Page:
First Thoughts on Lossy DNG
Whoever said storage is cheap, never had to buy and manage that storage.
I’ve been meaning to write in some depth about the challenges of storing digital photos for quite some time, unfortunately, this article isn’t it. However, with rising camera resolutions, and the respective increase in image file sizes, finding room to store, backup and properly manage a large volume of image files is becoming increasingly expensive and difficult.
Beyond practicing shutter discipline and being aggressive with our editing, there is one more aspect that is worth considering, and that’s compression.
Lossy vs. Lossless Compression vs. Photographers
Compression comes in two basic flavors, lossy and lossless. The difference between the two is that lossless compression produces a file that can exactly reproduce the original source material, while a lossy file throws “data” away to produce a more compressible file.
Lossy compression has always had something of a bad wrap in the photographic world, even when it didn’t actually throw away anything worth keeping. Strictly speaking, most photographers, and most of the people who will be most vocal about not using lossy formats don’t really understand what’s going on behind the scenes. That’s not to say we should all start shooting in JPEG now, because we shouldn’t. But we shouldn’t be so quick to write off “lossy” compression when it’s properly modeled, and fits the needs.
I don’t proprot to be an expert in compression, but without going into excruciating detail, it suffices to say, if the “lossy” algorithm is properly modeled to exploit the behavior of light, the distribution of data in an image, or the psychology and physiology of the human viewing the image it’s certainly possible to produce a “lossy” compression algorithm that is visually indistinguishable from a lossless one.
So what does lossy DNG actually do. Well I can tell you it’s not a DNG version of Nikon’s Lossy NEF. That is it doesn’t simply use a non-linear mapping function to convert 12 or 14 bits of data into 8 or 9. In fact, it’s considerably more complicated than that, on the flip side, it does produce some incredibly tiny files with no perceptible loss of image quality and still some headroom for post processing.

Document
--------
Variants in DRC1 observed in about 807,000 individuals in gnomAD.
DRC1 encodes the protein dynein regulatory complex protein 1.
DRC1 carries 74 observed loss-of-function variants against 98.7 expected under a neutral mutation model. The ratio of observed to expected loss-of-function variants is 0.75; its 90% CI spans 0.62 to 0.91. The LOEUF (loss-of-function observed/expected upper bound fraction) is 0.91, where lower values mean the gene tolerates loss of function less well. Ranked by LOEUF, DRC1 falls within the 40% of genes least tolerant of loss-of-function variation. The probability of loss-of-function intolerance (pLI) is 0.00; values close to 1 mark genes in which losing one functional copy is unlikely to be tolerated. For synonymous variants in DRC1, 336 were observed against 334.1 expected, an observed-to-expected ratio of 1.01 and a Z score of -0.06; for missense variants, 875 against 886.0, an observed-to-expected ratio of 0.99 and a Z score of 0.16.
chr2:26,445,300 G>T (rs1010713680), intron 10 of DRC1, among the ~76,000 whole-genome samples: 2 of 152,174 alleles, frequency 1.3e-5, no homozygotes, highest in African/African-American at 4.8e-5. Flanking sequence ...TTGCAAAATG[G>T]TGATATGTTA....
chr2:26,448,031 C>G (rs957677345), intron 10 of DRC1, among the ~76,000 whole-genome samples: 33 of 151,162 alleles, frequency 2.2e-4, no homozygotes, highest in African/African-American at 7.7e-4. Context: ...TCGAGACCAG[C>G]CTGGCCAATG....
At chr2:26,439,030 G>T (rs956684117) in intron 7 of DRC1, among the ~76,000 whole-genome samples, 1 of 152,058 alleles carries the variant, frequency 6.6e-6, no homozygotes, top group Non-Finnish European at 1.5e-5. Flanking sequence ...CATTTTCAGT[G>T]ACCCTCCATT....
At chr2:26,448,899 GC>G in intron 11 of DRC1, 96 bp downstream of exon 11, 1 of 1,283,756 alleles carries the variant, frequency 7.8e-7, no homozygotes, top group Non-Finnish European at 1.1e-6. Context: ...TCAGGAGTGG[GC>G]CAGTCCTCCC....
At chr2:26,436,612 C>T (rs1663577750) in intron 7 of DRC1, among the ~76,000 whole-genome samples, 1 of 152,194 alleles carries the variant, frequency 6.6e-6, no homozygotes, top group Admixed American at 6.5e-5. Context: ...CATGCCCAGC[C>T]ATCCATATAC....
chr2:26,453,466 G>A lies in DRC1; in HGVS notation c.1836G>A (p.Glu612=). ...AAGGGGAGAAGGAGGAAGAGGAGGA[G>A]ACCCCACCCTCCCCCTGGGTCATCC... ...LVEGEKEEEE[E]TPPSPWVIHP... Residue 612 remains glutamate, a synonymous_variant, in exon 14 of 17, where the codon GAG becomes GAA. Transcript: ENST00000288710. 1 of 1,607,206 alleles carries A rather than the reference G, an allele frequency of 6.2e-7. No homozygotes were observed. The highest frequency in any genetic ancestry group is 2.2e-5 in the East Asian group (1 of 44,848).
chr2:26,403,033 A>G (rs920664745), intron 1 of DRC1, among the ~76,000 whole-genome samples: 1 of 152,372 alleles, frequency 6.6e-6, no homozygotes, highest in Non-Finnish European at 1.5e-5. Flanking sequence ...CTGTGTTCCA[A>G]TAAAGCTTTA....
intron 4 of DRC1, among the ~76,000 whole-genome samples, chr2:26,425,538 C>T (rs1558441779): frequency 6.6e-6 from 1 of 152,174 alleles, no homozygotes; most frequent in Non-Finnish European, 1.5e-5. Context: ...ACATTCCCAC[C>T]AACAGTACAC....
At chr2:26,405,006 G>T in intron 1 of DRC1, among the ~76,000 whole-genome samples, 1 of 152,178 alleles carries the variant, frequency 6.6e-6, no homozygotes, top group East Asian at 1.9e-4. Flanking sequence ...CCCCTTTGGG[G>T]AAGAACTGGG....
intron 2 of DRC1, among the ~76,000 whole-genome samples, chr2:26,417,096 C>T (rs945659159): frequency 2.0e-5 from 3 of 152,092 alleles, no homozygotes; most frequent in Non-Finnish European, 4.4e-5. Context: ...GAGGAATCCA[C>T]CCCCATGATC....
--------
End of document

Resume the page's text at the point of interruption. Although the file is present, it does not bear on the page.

So how does it work?
According to an Adobe employee’s comments in this thread, it works something like this. The RAW file is demosaiced, to produce a RGB file similar to a TIFF or BMP. The color channels are then remapped using a 1D perceptual mapping algorithm, so that their values are spread across the full range of possible values. Some noise is added—dithering—in specific places as necessary to insure that the now remapped data doesn’t become blocky. The image is then compressed using the same compression algorithm that JPEG files normally uses.
The result is a file that’s often 1/3 or 1/4 the size of the source file, that retains more fidelity than a JPEG would and has sufficient data to allow the image to be processed to a limited degree but more extensively than a JPEG.
In addition to the processing and file size advantages, being stored in a DNG container also means that the file retains the DNG’s checksums to preserve image integrity.
Finally, Adobe did handle the two edge cases, converting a JPEG to a lossy DNG and re-compressing a lossy DNG as a lossy DNG. In both cases, the image data is copied bit-for-bit instead of being decompressed and recompressed.
Size v. IQ
Given that it’s lossy the real question is how much do I really lose versus how much do I really gain. Well lets start with a simple case, in the past when I wanted to save space with a snapshot kind of image, I would export the image as a high quality JPEG, to the same folder and replace the raw with the JPEG.
The RAW from my 10.1MP 1D mark 3, and this was a best case ISO 100 file, was 11.31MB. The JPEG produced by Lightroom that I would have used in the past, is 5.4MB. The lossy-DNG is only 3.83MB. But the real question is how do the images compare?
Judging the comparative quality of images is a tad more difficult. To my eye, I can’t detect a difference in detail between a 5MB JPEG 100, a 2MB JPEG 83, a 3.3MB lossy DNG, and the origioal 14-bit RAW. There is a color shift in the two JPEGs due to the color space they’re rendered in (the lossy DNG is still in the same capture color space as the RAW).
Of course these images are unprocessed, and certainly not heavily processed, which isn’t something I intend to be doing with any regularity with how I plan on using lossy DNGs. However, how the lossy-DNGs handle processing is something that I want to look at eventually. More specifically, I’m interested to see how the noise added during the quantization process ultimately effects image noise—though I’m not really expecting it to.
For me at least, lossy DNGs are definitely a useful tool that wasn’t there in previous Lightroom Versions. So far they seem to be smaller and offer more processing headroom than a quality 100 JPEG, and preserve the checksum feature of regular DNGs. Of course the real utility is based in a large part on how much storage you have and how much of your library is less than “serious” business. Granted, it’s not like any appreciable amount of my library is going to end up being converted from lossless RAWs to lossy DNGs, but as it stands on average every 3 files that I compress, I get space for another uncompressed RAW. Which in my opinion is a better storage solution than just throwing the images away.